Betting Low-Profile College Football Games Handicapping Secret

I so often hear chic sports fans and handicappers talk about games being won “at the point of attack”. I know of one handicapper who constantly screams he doesn’t care about the skilled position players; he loves the “lunch pail” guys. If it were only true handicapping would be so easy because all we’d do is bet injury information line moves.  When was the last time you saw an injury to an offensive lineman take a game off the board, circled or have the line significantly adjusted? Still thinking of one, eh? On the other hand, when was the last time a major change in regards to a 1,500 yard rusher did not have a huge effect on a line? 

So if the “lunch pail” banalities were true, any time a line is adjusted to compensate for a quarterback’s injury all we’d have to do is bet with the affected team because a line move of major proportions would be unjustified. Conversely any time an All-SEC offensive lineman was out, we would bet the other team because the linesmakers did not counterbalance enough. The sharp players would be those who value “lunch pail” players more than the linesmakers do. Bad news folks, the oddsmakers know what they are doing by reorienting much more to a quarterback’s status than even that of an All-American right tackle. 

The illustrious teams in college football have few weaknesses and with almost no exception have great depth.  Hence very often an injury to a key player will result in public overreaction in betting the college football odds because his replacement is nary a drop off.  Florida State for example just pencils another pro prospect into the starting line-up. 

When it comes to the elite non-BCS teams, they are almost always dominated by players at skilled positions, especially at QB.  

Do you think it’s a coincidence that BYU’s great run ended once they stopped sending every QB to the NFL? Take a look at when LA Tech, and Central Florida had their best seasons.  Sorry you won’t see a Cinderella team with a bunch of mediocre skilled position players.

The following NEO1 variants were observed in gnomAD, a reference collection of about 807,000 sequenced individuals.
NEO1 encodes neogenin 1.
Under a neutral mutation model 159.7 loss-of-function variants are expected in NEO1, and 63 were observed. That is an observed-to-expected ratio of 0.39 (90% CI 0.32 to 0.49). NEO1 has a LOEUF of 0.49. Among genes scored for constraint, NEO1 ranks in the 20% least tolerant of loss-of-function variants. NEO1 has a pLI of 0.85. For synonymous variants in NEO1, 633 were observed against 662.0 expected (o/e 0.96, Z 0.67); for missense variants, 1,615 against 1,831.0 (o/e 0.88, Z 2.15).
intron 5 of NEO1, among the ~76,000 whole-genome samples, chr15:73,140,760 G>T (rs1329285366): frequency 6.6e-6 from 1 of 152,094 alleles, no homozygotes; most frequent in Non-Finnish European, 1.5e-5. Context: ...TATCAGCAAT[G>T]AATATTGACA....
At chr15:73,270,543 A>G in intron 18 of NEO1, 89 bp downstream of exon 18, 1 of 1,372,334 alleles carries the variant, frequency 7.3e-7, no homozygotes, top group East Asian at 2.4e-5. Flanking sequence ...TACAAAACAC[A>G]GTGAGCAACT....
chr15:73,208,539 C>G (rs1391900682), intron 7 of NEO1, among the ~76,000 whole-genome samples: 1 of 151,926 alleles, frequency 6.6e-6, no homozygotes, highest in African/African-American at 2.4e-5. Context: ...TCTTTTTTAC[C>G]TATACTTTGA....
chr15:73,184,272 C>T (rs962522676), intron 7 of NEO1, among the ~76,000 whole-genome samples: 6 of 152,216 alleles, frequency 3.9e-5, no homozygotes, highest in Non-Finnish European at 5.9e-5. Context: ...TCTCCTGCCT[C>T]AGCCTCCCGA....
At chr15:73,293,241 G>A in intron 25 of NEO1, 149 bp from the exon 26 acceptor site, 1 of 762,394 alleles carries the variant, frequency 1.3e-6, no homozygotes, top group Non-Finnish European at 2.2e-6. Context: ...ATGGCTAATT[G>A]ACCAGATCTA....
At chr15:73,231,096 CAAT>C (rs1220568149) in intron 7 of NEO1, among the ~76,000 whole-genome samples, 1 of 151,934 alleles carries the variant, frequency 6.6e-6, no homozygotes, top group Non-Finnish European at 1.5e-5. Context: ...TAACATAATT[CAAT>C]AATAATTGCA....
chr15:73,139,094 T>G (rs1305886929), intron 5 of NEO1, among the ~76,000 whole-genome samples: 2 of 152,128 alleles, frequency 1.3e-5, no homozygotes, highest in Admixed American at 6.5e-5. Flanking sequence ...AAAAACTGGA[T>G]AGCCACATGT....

So what is our point as far as handicapping?  The top notch teams at that level will not have major injuries that sneak under the radar. However the injury and suspension information that often is inconspicuous to the books are with the middle rung to bottom feeding smaller conference teams. 

Injuries to three or four key players at the so called non-skilled positions can be immeasurably more deleterious to a team like Arkansas State than they would be to Arkansas. The often overlooked facet of handicapping injuries is anticipating the improvement when key personnel return.  This is only multiplied with the Louisiana Monroe’s of the world. 

The only thing Joe Public likes to bet less than crappy teams is bad teams from inferior conferences. Hence with all the factors mentioned above the most common source of injury related off-lines occur in the Sun Belt or even WAC, Mountain West and MAC second and third tier teams.  In the battle of a 3-5 team laying 11 points to an 0-8 squad the spread difference can occur and so often does in situations analogous to the winless team playing with their offensive line and front seven healthy for only the second time all year, while the chalk has two hurting starting linebackers. The M*A*S*H reports not only of  injured but also of recovered little publicized  key players of the sub-.500 non-BCS teams are where the most esteemed sharpie handicapping choice morsels are found.  

You keep searching the injury wire and betting blogs  for the status of a USC guaranteed first-round NFL selection.  We will cash the ticket getting hold of accurate information on the third-team and honorable mention All-Sun Belt players. Therein lays the unperceived choice bits.   

Author: Joe Duffy

Joe Duffy has been a pro handicapper since the 1980s on the score phones. His articles, videos, and podcasts on sports betting all all over the internet.

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